I get it. In the past, I’ve had unresponsive agents myself. The waiting to hear back is excruciating. First you query agents and wait forever to get a response, which is tough enough. But then to actually sign with one who won’t communicate with you is sheer torture.

The key word here is communication. The blog I read stated the agented writer had lost confidence in her own writing, thought the agent no longer believed in her, and was even thinking about ending her writing career. My first thought was that there are two sides to every story and this post didn’t share the agent’s side. There’s no point wallowing in a pit of despair if you don’t talk to the person responsible for pushing you into that pit in the first place.

I’m not excusing the agent for ignoring her client, but I do feel the writer/agent relationship is a two-way street. Neither can possibly know what’s going on with the other without asking. I think it was C.J. Box who regaled us all with a story during his farewell luncheon speech at a Colorado Gold Conference several years ago. His first agent had ignored him for an entire year and he was pretty upset about it. Finally, he called the agent to fire him and found out his agent was dead. The fault here is with the agency for not dealing with all the dead agent’s clients, but C.J. acknowledged that if he’d called sooner, he wouldn’t have had to go through months of agonizing silence.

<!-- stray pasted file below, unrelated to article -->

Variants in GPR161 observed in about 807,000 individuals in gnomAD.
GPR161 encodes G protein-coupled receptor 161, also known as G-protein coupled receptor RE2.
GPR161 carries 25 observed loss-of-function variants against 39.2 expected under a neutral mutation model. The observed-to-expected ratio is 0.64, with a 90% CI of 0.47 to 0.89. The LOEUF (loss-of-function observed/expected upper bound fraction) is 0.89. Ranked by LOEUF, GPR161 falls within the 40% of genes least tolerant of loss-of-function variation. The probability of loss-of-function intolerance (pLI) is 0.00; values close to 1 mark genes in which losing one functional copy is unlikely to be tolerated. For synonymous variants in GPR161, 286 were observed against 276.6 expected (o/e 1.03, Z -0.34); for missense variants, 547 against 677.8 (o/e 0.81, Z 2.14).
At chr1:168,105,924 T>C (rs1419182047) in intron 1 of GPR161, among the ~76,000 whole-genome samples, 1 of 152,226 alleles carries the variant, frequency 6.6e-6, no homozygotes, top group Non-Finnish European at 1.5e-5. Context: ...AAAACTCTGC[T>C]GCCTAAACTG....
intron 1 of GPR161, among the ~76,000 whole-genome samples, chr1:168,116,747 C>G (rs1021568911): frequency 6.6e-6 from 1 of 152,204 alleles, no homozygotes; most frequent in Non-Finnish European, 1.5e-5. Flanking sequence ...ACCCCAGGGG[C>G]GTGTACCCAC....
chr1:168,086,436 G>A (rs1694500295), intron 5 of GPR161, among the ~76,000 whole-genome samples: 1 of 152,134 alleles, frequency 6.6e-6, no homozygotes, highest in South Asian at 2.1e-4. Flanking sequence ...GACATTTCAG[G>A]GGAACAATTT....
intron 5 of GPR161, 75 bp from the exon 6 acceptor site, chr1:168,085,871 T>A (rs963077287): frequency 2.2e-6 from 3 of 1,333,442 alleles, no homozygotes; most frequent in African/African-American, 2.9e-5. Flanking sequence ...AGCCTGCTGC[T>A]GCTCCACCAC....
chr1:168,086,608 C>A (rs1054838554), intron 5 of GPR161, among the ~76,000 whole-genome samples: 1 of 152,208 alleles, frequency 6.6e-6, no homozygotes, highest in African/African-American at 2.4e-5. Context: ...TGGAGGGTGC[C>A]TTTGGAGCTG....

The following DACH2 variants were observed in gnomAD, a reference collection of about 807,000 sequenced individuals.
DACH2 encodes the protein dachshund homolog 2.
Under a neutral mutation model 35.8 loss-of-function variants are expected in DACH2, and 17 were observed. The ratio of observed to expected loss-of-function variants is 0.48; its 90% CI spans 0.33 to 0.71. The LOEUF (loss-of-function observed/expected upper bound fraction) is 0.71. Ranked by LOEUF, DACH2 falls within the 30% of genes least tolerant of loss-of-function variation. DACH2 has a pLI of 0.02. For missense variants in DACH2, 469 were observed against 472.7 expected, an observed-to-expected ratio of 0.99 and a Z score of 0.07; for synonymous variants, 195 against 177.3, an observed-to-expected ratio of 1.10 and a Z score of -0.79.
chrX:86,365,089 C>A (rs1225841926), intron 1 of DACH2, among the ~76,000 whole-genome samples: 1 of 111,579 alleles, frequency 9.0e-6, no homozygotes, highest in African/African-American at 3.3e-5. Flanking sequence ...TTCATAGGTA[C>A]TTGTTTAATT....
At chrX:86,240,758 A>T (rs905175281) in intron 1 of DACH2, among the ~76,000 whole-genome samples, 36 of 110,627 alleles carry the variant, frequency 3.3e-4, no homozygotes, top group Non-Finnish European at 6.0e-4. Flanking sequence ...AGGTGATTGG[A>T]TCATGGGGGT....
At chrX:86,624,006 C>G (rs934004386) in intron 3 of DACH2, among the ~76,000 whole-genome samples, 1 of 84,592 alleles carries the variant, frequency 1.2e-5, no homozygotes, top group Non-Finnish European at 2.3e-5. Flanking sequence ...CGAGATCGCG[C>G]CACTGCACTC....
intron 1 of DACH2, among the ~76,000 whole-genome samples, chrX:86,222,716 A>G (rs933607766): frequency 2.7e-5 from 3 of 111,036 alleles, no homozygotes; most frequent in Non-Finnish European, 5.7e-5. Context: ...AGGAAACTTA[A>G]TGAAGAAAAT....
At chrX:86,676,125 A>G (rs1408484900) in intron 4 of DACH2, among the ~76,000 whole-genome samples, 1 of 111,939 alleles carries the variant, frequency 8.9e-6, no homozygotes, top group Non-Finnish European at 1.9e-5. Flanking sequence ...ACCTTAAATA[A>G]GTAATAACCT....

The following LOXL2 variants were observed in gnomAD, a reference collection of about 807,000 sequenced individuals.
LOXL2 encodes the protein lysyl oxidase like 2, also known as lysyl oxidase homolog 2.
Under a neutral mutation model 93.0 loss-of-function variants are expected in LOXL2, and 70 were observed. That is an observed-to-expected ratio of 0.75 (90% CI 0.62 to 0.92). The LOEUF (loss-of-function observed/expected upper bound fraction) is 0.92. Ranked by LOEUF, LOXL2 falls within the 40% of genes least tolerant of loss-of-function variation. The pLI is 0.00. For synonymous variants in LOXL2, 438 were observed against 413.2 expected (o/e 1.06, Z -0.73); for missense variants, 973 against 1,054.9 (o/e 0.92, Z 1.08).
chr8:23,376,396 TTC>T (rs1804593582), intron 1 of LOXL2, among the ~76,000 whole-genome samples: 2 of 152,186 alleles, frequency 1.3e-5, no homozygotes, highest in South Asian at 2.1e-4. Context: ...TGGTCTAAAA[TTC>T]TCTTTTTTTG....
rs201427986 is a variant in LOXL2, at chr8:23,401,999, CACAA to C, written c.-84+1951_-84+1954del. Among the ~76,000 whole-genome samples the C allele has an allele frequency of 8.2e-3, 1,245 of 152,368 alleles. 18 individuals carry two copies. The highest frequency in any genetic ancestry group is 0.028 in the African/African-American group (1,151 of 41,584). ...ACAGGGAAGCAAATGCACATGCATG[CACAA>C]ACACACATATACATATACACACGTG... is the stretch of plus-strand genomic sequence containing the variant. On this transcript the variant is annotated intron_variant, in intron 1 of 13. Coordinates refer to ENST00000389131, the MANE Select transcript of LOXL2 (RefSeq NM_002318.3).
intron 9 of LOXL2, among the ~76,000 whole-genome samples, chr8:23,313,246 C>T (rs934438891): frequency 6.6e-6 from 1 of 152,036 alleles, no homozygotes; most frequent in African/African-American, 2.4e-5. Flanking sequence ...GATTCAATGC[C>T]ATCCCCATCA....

The problem with a lot of writers (not C.J.) is that after months of pursuing the attention of an agent and then finally landing one, we’re reluctant to rock the boat. We hang onto that agent for dear life because if we lose him or her, we’ll never get another one. Obviously, that’s not true. However, it can be like staying in a bad marriage (I’ve been there, too) because you think you have no choice. You do have a choice. Depending on the circumstances, at some point you have to fish or cut bait. If you’re not happy with a situation, get out.

So how do you know whether or not to stay or go? Just be sure to get in touch with your agent. Initial contact might have to be through his or her assistant, but ask for a “come to Jesus” meeting by phone so that you can hash things out. No emails or text messages, but a good old fashion verbal discussion. Chances are the silence is legitimate, and if so, make sure your agent is aware of how it’s affecting you. It might be time to switch to another agent within the agency. Or it might be time to leave altogether. Or it simply might require more patience on your part.

My point is that in order to make an informed decision about whether or not to fire your agent, you need to have all the answers. Talk it out before letting the silence do you in.

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Karen DuvallKaren Duvall is an award-winning author with 4 published novels and 2 novellas. Harlequin Luna published her Knight’s Curse series last year, and her post apocalyptic novella, Sun Storm, was released in Luna’s ‘Til The World Ends anthology in January 2013.

Karen lives in the Pacific Northwest with her husband and four incredibly spoiled pets. She is currently working on a new contemporary fantasy romance series.

http://www.karenduvallauthor.com/
https://twitter.com/KarenDuvall
http://www.facebook.com/Karen.Duvall.Author

Interview With Literary Agent Margaret Bail

MargaretBail

Margaret Bail, Inklings Literary